On Monday we visited the Jones Farm in St. Johnsbury, where Mitchell Jones talked to us about operating a small sustainable farm. Livestock os a part of their operation, with sheep, pigs, chickens, goats, and a cow on the premises. The farm generates revenue by selling the products that the animals produce. The sheep are shorn twice a year for their wool, and the sheep skins are also dried out and processed to be sold. The Jones’s sell eggs in their roadside farmstand. They also milk their goats. The other animals are sold for meat. The Jones’s market their products through their farmstand where they sell a number of different products including eggs, lamb meat, jams, and goat milk. Another thing they do to stay sustainable is by using rotational grazing in the summer, saving on feed costs. Having their animals rotationally graze also offers other benefits such as better nutrition for the animal and improved grass health.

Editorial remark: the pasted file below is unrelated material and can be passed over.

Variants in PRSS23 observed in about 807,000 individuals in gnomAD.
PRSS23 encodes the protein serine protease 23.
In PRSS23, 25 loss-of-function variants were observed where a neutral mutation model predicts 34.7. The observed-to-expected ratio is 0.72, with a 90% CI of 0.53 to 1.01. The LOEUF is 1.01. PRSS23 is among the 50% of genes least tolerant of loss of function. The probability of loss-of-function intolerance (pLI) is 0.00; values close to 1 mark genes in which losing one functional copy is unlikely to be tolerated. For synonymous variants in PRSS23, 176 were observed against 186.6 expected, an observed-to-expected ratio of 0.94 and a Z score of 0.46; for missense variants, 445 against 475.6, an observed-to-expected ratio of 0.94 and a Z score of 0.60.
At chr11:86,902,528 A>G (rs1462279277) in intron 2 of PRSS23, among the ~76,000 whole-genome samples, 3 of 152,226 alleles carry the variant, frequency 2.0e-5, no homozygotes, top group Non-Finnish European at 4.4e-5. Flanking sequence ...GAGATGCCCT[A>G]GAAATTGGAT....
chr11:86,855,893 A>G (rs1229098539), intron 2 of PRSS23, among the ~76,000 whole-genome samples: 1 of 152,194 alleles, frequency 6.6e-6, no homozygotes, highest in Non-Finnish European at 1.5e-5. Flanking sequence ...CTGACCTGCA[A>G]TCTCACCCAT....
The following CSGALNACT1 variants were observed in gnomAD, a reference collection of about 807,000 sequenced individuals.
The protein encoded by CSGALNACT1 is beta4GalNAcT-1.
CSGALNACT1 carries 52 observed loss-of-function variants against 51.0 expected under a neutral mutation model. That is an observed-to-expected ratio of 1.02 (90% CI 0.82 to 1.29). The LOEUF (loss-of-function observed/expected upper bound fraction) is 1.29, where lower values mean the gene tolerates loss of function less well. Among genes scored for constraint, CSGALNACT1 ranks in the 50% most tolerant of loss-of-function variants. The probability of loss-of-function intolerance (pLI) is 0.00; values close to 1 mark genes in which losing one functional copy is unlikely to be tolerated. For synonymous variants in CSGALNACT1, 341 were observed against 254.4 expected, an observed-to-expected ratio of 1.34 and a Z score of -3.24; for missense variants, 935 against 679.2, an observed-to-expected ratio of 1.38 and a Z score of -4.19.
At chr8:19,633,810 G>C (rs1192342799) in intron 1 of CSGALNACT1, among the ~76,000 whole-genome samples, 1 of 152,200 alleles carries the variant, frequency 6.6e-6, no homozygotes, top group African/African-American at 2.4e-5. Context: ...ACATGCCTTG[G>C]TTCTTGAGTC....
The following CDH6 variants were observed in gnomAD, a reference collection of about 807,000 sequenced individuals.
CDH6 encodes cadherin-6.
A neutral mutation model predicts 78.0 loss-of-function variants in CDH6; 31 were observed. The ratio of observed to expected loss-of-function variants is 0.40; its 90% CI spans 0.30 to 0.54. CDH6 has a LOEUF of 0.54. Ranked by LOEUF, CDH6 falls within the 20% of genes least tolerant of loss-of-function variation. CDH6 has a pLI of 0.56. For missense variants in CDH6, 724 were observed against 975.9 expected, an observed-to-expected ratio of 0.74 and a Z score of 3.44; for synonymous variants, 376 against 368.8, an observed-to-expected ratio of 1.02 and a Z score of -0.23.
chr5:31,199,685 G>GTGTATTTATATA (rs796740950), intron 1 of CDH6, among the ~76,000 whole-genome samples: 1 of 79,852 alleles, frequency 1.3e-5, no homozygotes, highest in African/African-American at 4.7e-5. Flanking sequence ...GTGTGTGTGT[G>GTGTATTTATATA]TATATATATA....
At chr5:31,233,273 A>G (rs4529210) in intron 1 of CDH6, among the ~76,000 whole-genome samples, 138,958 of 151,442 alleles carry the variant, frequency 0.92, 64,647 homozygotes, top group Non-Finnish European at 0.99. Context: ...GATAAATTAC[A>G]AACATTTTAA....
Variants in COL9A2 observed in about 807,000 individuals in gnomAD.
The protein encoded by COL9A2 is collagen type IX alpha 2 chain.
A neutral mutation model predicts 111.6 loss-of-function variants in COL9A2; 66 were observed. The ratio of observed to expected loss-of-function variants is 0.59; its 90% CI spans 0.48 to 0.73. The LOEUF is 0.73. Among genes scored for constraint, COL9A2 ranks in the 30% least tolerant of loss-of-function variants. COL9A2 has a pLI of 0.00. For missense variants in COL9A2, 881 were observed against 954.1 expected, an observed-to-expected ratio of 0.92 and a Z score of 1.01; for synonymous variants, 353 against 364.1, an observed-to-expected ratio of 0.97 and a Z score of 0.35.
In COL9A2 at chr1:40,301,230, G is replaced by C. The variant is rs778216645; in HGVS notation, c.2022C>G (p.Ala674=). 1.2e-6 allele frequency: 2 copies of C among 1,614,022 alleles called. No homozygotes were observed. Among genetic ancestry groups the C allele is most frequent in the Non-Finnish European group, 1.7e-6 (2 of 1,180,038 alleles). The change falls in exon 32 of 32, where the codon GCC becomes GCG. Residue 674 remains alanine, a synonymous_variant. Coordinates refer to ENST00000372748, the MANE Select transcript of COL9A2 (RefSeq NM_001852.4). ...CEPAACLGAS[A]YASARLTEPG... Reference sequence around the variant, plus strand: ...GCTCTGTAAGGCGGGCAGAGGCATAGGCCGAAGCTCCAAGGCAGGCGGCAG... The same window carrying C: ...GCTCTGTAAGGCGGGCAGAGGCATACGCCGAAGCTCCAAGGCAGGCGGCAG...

On Tuesday morning we returned to the Jones Farm for sheep shearing. Several of us went into the pen and grabbed the sheep by their horns and the wooly scruff on the “saddle” of the sheep. We led each sheep in, one at a time, to two stations. In the first station, Mr. Jones trimmed their hooves. In the second station, a professional sheared the sheep before letting them back into the pen. The wool was then taken from the floor to a table where it was picked through to take out the second cuts (short tufts of wool), fecal matter, hay, and other debris. It was then folded up and put into a labeled bag to be marketed at the Sheep and Wool Festival in Rhinebeck, NY.
On Tuesday afternoon, we learned about fish habitat. We focused on trout because that’s what we would be fishing for the next day. We learned about the temperature they like, how they feed themselves, and what type of environment they can thrive in. This field journal entry notes why trout would want to live in this river and what makes it a suitable environment for them. Some of the things that trout need is cool clean water, shade, cover for hiding from predators and ambushing prey, and a gravily or pebbly surface for breeding.